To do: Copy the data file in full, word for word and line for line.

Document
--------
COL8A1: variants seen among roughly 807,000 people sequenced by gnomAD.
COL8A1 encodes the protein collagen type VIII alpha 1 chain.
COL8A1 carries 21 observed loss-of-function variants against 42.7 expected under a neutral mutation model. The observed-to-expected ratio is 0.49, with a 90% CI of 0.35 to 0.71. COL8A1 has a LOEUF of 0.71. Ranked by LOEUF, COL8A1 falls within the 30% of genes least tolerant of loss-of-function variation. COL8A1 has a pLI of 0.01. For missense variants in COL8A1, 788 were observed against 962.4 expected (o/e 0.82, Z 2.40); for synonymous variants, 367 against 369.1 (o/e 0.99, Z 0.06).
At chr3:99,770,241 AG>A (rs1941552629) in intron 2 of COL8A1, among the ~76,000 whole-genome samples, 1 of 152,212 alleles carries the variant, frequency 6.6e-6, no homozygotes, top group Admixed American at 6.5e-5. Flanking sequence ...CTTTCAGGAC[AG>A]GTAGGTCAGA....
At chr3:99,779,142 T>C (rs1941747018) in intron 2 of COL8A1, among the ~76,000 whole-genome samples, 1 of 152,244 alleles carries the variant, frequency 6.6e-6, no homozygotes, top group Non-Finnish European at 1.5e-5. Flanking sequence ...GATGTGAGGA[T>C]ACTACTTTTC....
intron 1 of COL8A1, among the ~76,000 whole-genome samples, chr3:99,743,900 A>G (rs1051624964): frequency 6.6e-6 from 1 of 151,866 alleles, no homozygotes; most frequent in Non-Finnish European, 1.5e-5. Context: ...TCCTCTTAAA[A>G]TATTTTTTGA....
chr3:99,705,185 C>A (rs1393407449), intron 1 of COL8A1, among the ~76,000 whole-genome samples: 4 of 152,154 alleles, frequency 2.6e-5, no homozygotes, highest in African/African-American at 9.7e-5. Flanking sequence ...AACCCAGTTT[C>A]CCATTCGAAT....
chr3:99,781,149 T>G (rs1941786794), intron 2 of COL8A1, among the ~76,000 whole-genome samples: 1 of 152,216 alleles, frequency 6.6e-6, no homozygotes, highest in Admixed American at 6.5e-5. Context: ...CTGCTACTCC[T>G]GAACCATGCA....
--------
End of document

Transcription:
COL8A1: variants seen among roughly 807,000 people sequenced by gnomAD.
COL8A1 encodes the protein collagen type VIII alpha 1 chain.
COL8A1 carries 21 observed loss-of-function variants against 42.7 expected under a neutral mutation model. The observed-to-expected ratio is 0.49, with a 90% CI of 0.35 to 0.71. COL8A1 has a LOEUF of 0.71. Ranked by LOEUF, COL8A1 falls within the 30% of genes least tolerant of loss-of-function variation. COL8A1 has a pLI of 0.01. For missense variants in COL8A1, 788 were observed against 962.4 expected (o/e 0.82, Z 2.40); for synonymous variants, 367 against 369.1 (o/e 0.99, Z 0.06).
At chr3:99,770,241 AG>A (rs1941552629) in intron 2 of COL8A1, among the ~76,000 whole-genome samples, 1 of 152,212 alleles carries the variant, frequency 6.6e-6, no homozygotes, top group Admixed American at 6.5e-5. Flanking sequence ...CTTTCAGGAC[AG>A]GTAGGTCAGA....
At chr3:99,779,142 T>C (rs1941747018) in intron 2 of COL8A1, among the ~76,000 whole-genome samples, 1 of 152,244 alleles carries the variant, frequency 6.6e-6, no homozygotes, top group Non-Finnish European at 1.5e-5. Flanking sequence ...GATGTGAGGA[T>C]ACTACTTTTC....
intron 1 of COL8A1, among the ~76,000 whole-genome samples, chr3:99,743,900 A>G (rs1051624964): frequency 6.6e-6 from 1 of 151,866 alleles, no homozygotes; most frequent in Non-Finnish European, 1.5e-5. Context: ...TCCTCTTAAA[A>G]TATTTTTTGA....
chr3:99,705,185 C>A (rs1393407449), intron 1 of COL8A1, among the ~76,000 whole-genome samples: 4 of 152,154 alleles, frequency 2.6e-5, no homozygotes, highest in African/African-American at 9.7e-5. Flanking sequence ...AACCCAGTTT[C>A]CCATTCGAAT....
chr3:99,781,149 T>G (rs1941786794), intron 2 of COL8A1, among the ~76,000 whole-genome samples: 1 of 152,216 alleles, frequency 6.6e-6, no homozygotes, highest in Admixed American at 6.5e-5. Context: ...CTGCTACTCC[T>G]GAACCATGCA....